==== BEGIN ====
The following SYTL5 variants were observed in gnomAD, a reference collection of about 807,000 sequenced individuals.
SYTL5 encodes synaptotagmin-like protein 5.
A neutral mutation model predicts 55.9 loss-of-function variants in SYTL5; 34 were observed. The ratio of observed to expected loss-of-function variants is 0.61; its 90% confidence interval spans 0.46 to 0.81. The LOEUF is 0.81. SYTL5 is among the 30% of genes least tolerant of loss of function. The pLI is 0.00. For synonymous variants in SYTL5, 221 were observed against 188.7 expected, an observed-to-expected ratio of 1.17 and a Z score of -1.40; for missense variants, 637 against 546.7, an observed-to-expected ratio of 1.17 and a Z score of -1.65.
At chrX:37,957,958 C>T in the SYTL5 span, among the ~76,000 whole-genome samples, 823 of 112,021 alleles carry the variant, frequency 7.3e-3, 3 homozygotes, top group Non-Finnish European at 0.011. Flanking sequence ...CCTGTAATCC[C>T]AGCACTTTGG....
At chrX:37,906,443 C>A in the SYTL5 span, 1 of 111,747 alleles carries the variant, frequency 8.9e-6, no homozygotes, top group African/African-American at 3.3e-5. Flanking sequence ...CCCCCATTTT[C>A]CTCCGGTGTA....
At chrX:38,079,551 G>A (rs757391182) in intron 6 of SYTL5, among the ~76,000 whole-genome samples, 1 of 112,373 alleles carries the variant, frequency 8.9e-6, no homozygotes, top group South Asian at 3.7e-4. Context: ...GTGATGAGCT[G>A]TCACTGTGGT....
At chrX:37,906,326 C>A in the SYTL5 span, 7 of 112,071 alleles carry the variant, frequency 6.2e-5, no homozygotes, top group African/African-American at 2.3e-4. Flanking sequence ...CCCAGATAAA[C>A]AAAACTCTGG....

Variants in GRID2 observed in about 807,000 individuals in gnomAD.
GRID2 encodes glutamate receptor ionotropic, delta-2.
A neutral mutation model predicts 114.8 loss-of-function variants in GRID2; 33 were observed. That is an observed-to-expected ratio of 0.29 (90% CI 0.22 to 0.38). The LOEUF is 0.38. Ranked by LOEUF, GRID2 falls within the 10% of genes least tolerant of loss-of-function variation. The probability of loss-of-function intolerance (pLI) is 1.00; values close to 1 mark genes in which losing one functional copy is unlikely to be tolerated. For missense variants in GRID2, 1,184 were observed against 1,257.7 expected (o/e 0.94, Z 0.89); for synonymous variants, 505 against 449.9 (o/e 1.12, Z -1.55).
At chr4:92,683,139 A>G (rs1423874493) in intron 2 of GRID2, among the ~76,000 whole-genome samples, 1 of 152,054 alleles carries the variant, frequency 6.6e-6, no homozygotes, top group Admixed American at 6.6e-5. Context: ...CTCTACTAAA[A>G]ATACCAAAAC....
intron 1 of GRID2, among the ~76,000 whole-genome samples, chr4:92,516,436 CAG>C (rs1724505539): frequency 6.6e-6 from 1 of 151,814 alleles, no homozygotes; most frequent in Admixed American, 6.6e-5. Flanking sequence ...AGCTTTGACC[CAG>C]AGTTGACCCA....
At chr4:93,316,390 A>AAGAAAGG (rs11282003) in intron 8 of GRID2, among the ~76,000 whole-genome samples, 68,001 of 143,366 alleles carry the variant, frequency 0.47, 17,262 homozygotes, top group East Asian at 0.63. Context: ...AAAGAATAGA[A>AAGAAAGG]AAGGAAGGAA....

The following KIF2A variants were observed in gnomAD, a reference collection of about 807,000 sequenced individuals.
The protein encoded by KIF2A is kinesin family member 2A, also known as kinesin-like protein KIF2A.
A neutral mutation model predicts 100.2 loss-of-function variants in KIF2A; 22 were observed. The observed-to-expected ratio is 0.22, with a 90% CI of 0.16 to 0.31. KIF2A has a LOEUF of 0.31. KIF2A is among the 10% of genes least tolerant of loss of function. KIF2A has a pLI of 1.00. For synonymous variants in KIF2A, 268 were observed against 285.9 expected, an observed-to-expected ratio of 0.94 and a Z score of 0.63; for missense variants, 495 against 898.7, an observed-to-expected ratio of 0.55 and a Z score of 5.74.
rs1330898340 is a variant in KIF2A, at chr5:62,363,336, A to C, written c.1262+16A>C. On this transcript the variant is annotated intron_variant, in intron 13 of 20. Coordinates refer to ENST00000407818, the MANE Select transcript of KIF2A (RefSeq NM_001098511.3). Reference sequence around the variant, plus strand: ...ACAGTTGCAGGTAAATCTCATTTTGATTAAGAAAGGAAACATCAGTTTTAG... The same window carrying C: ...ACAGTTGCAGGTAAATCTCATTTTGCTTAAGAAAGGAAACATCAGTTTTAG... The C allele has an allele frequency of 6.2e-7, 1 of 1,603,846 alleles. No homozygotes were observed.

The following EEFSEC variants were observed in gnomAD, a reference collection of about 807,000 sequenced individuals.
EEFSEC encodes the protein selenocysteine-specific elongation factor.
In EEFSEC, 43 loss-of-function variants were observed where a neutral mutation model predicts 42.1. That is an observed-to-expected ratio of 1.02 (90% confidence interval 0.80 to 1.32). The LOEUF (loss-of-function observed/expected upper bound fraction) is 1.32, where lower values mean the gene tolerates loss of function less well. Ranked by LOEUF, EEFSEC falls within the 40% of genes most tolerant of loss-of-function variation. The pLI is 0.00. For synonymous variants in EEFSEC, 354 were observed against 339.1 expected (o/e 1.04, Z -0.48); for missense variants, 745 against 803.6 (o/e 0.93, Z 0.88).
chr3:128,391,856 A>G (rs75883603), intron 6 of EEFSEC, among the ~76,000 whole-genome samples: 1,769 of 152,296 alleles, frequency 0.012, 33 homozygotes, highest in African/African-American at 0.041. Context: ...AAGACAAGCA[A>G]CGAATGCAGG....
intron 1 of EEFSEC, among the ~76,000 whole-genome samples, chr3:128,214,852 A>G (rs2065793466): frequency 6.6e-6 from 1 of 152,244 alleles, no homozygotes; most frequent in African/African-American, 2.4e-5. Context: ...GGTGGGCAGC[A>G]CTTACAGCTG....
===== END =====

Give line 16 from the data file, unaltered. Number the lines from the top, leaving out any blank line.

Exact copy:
A neutral mutation model predicts 100.2 loss-of-function variants in KIF2A; 22 were observed. The observed-to-expected ratio is 0.22, with a 90% CI of 0.16 to 0.31. KIF2A has a LOEUF of 0.31. KIF2A is among the 10% of genes least tolerant of loss of function. KIF2A has a pLI of 1.00. For synonymous variants in KIF2A, 268 were observed against 285.9 expected, an observed-to-expected ratio of 0.94 and a Z score of 0.63; for missense variants, 495 against 898.7, an observed-to-expected ratio of 0.55 and a Z score of 5.74.